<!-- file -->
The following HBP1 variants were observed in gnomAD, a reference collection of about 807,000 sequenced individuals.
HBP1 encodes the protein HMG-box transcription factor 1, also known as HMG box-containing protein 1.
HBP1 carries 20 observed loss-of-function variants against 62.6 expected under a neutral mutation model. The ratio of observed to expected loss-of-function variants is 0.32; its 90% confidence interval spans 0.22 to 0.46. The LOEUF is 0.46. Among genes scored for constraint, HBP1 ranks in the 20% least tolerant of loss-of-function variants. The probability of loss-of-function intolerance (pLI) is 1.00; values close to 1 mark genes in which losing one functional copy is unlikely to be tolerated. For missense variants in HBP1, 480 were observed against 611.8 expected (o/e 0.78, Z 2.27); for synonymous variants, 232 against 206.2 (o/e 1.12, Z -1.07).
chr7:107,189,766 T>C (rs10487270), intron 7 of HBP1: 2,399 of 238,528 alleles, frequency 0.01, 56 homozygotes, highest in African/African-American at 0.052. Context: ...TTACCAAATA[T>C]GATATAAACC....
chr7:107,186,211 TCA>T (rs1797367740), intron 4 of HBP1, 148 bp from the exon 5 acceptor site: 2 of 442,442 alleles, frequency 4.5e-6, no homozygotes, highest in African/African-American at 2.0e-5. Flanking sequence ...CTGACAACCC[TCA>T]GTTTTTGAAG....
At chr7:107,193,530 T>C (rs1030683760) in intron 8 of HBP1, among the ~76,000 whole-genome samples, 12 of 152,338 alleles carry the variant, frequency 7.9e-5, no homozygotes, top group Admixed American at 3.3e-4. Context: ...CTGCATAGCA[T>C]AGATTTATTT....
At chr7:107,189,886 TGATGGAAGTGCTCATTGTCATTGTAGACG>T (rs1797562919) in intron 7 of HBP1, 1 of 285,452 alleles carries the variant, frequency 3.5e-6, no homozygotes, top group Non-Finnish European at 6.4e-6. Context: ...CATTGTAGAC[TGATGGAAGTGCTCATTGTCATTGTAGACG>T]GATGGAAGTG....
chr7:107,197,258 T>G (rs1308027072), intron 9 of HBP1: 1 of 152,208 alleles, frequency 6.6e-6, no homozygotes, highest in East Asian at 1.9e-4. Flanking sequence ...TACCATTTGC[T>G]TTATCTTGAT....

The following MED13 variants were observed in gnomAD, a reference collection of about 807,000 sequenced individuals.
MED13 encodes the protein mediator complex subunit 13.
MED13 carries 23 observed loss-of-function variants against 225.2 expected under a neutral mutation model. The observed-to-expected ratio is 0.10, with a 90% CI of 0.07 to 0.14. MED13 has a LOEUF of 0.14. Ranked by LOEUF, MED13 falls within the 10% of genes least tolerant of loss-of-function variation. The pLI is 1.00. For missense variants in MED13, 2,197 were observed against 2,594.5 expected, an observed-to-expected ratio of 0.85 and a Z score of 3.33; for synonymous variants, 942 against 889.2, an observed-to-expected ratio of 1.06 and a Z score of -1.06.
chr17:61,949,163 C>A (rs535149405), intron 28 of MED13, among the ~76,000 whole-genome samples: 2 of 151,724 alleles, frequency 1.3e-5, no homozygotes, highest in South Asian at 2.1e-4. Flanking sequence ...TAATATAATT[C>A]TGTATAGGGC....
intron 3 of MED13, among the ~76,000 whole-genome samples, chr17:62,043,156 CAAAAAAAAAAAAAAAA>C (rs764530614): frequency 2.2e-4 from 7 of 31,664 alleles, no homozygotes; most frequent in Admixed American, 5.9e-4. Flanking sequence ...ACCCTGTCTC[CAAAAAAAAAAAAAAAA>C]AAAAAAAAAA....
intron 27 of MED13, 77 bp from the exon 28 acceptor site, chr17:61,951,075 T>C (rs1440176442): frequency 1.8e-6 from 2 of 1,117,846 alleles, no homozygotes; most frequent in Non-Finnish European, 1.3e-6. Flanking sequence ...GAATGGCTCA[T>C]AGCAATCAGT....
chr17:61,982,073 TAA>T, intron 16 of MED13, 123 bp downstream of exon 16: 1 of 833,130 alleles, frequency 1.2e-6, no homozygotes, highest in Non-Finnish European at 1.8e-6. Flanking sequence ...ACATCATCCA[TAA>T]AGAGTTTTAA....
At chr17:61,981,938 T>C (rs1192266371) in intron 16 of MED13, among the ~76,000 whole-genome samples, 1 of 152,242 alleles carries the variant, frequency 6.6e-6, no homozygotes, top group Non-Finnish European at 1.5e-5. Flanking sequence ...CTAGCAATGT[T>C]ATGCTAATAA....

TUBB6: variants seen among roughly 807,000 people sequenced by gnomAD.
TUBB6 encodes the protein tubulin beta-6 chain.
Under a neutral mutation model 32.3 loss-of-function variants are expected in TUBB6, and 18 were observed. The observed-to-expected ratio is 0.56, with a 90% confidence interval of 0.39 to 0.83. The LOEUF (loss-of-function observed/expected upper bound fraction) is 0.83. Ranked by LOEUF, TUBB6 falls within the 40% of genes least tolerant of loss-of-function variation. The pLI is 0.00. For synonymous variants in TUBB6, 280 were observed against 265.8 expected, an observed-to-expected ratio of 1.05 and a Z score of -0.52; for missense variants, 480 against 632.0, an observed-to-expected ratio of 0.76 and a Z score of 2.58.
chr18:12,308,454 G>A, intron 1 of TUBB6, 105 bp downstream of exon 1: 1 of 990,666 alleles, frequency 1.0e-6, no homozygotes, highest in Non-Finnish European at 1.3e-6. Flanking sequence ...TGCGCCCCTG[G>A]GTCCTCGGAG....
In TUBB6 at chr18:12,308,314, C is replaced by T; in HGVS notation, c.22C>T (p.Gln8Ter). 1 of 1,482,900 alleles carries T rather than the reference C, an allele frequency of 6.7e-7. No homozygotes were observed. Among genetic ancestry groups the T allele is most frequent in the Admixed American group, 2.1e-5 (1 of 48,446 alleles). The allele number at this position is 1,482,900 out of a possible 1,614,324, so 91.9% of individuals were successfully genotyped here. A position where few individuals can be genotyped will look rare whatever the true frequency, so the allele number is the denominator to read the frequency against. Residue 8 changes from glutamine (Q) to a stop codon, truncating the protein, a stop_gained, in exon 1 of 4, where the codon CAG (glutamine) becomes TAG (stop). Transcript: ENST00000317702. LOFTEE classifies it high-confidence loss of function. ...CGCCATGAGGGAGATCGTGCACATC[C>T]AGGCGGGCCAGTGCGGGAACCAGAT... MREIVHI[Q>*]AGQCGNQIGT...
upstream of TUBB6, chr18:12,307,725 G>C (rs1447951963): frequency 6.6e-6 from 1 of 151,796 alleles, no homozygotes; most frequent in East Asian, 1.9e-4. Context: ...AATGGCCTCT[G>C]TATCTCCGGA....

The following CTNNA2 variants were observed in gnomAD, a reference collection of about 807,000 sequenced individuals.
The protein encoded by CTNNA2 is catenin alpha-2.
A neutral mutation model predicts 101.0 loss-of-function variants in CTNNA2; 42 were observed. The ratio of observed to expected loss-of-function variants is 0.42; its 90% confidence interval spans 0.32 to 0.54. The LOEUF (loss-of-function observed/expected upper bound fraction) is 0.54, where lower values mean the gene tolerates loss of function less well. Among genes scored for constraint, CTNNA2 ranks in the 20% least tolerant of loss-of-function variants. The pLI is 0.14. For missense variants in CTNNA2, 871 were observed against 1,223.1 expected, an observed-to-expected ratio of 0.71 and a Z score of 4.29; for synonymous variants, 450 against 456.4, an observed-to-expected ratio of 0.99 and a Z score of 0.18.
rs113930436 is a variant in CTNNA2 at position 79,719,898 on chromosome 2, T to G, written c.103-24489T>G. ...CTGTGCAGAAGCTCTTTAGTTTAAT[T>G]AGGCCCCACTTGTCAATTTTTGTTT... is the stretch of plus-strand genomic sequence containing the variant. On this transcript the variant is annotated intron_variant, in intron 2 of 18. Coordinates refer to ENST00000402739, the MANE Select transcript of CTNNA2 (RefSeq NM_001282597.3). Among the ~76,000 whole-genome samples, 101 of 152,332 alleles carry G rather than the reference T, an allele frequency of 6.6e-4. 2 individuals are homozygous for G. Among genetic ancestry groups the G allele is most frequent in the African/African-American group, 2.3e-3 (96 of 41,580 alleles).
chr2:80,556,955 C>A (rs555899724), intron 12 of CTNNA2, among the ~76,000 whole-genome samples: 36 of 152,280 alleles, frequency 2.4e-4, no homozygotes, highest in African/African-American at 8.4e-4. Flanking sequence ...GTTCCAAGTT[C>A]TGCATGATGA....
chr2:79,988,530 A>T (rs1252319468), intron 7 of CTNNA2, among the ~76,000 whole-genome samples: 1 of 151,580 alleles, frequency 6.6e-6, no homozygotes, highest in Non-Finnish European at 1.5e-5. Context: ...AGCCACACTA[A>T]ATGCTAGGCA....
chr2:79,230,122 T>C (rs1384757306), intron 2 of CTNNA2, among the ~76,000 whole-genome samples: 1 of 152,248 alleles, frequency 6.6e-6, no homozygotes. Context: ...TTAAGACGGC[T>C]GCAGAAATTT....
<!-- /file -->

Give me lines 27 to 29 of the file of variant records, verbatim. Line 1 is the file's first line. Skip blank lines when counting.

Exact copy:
chr2:80,556,955 C>A (rs555899724), intron 12 of CTNNA2, among the ~76,000 whole-genome samples: 36 of 152,280 alleles, frequency 2.4e-4, no homozygotes, highest in African/African-American at 8.4e-4. Flanking sequence ...GTTCCAAGTT[C>A]TGCATGATGA....
chr2:79,988,530 A>T (rs1252319468), intron 7 of CTNNA2, among the ~76,000 whole-genome samples: 1 of 151,580 alleles, frequency 6.6e-6, no homozygotes, highest in Non-Finnish European at 1.5e-5. Context: ...AGCCACACTA[A>T]ATGCTAGGCA....
chr2:79,230,122 T>C (rs1384757306), intron 2 of CTNNA2, among the ~76,000 whole-genome samples: 1 of 152,248 alleles, frequency 6.6e-6, no homozygotes. Context: ...TTAAGACGGC[T>C]GCAGAAATTT....